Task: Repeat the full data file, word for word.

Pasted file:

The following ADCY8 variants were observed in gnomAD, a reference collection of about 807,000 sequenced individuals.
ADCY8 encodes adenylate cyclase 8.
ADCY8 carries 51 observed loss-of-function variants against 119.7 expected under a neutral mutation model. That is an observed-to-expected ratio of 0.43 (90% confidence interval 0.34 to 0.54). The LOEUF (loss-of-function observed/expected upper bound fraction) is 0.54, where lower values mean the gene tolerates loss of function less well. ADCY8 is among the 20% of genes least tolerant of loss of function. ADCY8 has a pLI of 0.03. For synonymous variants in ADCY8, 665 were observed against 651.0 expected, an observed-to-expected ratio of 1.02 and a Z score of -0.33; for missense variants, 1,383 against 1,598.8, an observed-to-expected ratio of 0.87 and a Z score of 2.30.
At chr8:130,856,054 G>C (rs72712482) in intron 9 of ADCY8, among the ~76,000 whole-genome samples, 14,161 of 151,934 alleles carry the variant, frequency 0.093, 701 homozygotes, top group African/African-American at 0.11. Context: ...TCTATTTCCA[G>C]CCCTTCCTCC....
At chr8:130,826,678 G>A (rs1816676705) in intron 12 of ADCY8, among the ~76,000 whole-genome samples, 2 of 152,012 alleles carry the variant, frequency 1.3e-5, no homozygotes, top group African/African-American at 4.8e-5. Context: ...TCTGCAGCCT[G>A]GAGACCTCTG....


The following ADCY8 variants were observed in gnomAD, a reference collection of about 807,000 sequenced individuals.
ADCY8 encodes adenylate cyclase 8.
ADCY8 carries 51 observed loss-of-function variants against 119.7 expected under a neutral mutation model. That is an observed-to-expected ratio of 0.43 (90% confidence interval 0.34 to 0.54). The LOEUF (loss-of-function observed/expected upper bound fraction) is 0.54, where lower values mean the gene tolerates loss of function less well. ADCY8 is among the 20% of genes least tolerant of loss of function. ADCY8 has a pLI of 0.03. For synonymous variants in ADCY8, 665 were observed against 651.0 expected, an observed-to-expected ratio of 1.02 and a Z score of -0.33; for missense variants, 1,383 against 1,598.8, an observed-to-expected ratio of 0.87 and a Z score of 2.30.
At chr8:130,856,054 G>C (rs72712482) in intron 9 of ADCY8, among the ~76,000 whole-genome samples, 14,161 of 151,934 alleles carry the variant, frequency 0.093, 701 homozygotes, top group African/African-American at 0.11. Context: ...TCTATTTCCA[G>C]CCCTTCCTCC....
At chr8:130,826,678 G>A (rs1816676705) in intron 12 of ADCY8, among the ~76,000 whole-genome samples, 2 of 152,012 alleles carry the variant, frequency 1.3e-5, no homozygotes, top group African/African-American at 4.8e-5. Context: ...TCTGCAGCCT[G>A]GAGACCTCTG....